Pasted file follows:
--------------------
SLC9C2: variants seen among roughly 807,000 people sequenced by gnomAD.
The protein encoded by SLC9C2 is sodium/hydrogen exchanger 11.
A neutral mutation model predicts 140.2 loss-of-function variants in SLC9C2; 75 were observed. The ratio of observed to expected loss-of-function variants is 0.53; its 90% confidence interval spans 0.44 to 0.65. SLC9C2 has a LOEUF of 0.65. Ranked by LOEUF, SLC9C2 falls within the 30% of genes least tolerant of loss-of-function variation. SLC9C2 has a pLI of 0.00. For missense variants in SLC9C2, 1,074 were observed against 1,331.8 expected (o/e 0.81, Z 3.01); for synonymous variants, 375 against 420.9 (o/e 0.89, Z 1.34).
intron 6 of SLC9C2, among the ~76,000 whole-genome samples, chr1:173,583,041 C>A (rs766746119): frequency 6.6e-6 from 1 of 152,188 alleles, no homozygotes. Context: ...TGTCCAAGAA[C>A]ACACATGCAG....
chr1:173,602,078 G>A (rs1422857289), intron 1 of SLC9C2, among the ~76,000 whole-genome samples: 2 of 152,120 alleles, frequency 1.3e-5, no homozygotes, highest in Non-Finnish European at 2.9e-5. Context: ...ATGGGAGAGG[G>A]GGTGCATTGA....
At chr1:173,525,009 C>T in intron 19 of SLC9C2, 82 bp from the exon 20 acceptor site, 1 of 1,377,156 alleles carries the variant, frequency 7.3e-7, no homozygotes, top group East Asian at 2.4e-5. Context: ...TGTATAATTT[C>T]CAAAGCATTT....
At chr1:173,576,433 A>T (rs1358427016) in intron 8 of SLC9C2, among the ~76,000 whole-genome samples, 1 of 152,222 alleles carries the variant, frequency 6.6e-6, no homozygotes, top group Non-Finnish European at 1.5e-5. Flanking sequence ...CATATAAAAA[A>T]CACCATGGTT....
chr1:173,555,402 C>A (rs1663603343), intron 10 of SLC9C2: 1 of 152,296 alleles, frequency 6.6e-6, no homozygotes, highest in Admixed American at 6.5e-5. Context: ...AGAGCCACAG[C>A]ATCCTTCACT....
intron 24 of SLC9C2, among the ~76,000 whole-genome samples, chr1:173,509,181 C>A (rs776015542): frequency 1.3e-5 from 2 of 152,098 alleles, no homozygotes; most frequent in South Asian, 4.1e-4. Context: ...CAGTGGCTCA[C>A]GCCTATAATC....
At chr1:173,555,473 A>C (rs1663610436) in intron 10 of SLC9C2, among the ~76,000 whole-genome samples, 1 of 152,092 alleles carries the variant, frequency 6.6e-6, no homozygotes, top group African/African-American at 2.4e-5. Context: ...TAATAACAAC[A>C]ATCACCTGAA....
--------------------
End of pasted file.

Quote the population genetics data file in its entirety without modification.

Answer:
SLC9C2: variants seen among roughly 807,000 people sequenced by gnomAD.
The protein encoded by SLC9C2 is sodium/hydrogen exchanger 11.
A neutral mutation model predicts 140.2 loss-of-function variants in SLC9C2; 75 were observed. The ratio of observed to expected loss-of-function variants is 0.53; its 90% confidence interval spans 0.44 to 0.65. SLC9C2 has a LOEUF of 0.65. Ranked by LOEUF, SLC9C2 falls within the 30% of genes least tolerant of loss-of-function variation. SLC9C2 has a pLI of 0.00. For missense variants in SLC9C2, 1,074 were observed against 1,331.8 expected (o/e 0.81, Z 3.01); for synonymous variants, 375 against 420.9 (o/e 0.89, Z 1.34).
intron 6 of SLC9C2, among the ~76,000 whole-genome samples, chr1:173,583,041 C>A (rs766746119): frequency 6.6e-6 from 1 of 152,188 alleles, no homozygotes. Context: ...TGTCCAAGAA[C>A]ACACATGCAG....
chr1:173,602,078 G>A (rs1422857289), intron 1 of SLC9C2, among the ~76,000 whole-genome samples: 2 of 152,120 alleles, frequency 1.3e-5, no homozygotes, highest in Non-Finnish European at 2.9e-5. Context: ...ATGGGAGAGG[G>A]GGTGCATTGA....
At chr1:173,525,009 C>T in intron 19 of SLC9C2, 82 bp from the exon 20 acceptor site, 1 of 1,377,156 alleles carries the variant, frequency 7.3e-7, no homozygotes, top group East Asian at 2.4e-5. Context: ...TGTATAATTT[C>T]CAAAGCATTT....
At chr1:173,576,433 A>T (rs1358427016) in intron 8 of SLC9C2, among the ~76,000 whole-genome samples, 1 of 152,222 alleles carries the variant, frequency 6.6e-6, no homozygotes, top group Non-Finnish European at 1.5e-5. Flanking sequence ...CATATAAAAA[A>T]CACCATGGTT....
chr1:173,555,402 C>A (rs1663603343), intron 10 of SLC9C2: 1 of 152,296 alleles, frequency 6.6e-6, no homozygotes, highest in Admixed American at 6.5e-5. Context: ...AGAGCCACAG[C>A]ATCCTTCACT....
intron 24 of SLC9C2, among the ~76,000 whole-genome samples, chr1:173,509,181 C>A (rs776015542): frequency 1.3e-5 from 2 of 152,098 alleles, no homozygotes; most frequent in South Asian, 4.1e-4. Context: ...CAGTGGCTCA[C>A]GCCTATAATC....
At chr1:173,555,473 A>C (rs1663610436) in intron 10 of SLC9C2, among the ~76,000 whole-genome samples, 1 of 152,092 alleles carries the variant, frequency 6.6e-6, no homozygotes, top group African/African-American at 2.4e-5. Context: ...TAATAACAAC[A>C]ATCACCTGAA....